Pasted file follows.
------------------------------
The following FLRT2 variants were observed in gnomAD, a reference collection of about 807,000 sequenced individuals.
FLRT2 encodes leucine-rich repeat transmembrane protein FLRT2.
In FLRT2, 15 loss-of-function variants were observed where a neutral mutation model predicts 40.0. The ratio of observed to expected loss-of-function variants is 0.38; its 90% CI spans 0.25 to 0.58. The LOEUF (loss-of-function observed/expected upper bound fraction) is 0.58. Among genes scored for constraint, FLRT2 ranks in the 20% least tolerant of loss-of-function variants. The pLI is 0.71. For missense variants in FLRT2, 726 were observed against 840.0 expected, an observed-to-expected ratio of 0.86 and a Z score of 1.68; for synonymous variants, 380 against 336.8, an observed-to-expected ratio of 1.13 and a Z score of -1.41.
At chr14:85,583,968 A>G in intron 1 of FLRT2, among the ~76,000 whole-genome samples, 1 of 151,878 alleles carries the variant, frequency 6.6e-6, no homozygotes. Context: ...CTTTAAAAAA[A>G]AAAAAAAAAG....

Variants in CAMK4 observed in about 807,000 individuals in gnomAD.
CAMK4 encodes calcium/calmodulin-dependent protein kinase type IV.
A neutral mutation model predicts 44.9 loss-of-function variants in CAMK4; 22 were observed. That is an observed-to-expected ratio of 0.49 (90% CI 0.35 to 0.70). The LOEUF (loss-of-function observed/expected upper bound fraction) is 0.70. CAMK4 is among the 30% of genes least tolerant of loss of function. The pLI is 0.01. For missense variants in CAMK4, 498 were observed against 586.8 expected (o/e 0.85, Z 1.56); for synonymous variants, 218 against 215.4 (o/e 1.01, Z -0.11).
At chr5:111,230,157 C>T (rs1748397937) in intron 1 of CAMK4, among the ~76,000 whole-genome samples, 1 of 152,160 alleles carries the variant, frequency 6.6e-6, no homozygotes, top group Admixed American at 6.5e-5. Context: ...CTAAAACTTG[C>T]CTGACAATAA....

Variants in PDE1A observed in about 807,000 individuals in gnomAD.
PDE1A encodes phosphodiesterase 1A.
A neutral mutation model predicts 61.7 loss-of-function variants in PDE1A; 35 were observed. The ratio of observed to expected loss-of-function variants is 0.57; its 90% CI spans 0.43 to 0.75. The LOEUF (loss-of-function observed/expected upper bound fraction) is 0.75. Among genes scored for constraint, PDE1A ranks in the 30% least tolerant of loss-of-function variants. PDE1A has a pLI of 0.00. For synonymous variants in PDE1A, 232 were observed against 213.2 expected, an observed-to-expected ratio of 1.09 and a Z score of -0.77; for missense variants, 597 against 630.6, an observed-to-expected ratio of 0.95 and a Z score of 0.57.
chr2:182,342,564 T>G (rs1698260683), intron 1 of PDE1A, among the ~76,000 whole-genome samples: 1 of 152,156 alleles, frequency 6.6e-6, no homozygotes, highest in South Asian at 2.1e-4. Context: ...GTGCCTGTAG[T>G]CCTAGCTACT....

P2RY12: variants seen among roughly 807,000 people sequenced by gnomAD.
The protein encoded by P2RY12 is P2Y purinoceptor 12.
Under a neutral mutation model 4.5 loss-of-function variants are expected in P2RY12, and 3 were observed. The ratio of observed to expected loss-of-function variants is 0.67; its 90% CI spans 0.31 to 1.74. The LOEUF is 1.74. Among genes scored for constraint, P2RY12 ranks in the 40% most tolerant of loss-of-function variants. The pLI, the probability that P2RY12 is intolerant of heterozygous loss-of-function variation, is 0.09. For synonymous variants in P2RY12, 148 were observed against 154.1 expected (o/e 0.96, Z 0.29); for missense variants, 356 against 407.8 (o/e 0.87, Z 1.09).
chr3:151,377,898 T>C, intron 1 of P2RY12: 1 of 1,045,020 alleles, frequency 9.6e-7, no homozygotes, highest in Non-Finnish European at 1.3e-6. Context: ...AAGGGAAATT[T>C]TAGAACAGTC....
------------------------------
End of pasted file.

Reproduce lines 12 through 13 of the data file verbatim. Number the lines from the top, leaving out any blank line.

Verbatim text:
chr2:182,342,564 T>G (rs1698260683), intron 1 of PDE1A, among the ~76,000 whole-genome samples: 1 of 152,156 alleles, frequency 6.6e-6, no homozygotes, highest in South Asian at 2.1e-4. Context: ...GTGCCTGTAG[T>G]CCTAGCTACT....

P2RY12: variants seen among roughly 807,000 people sequenced by gnomAD.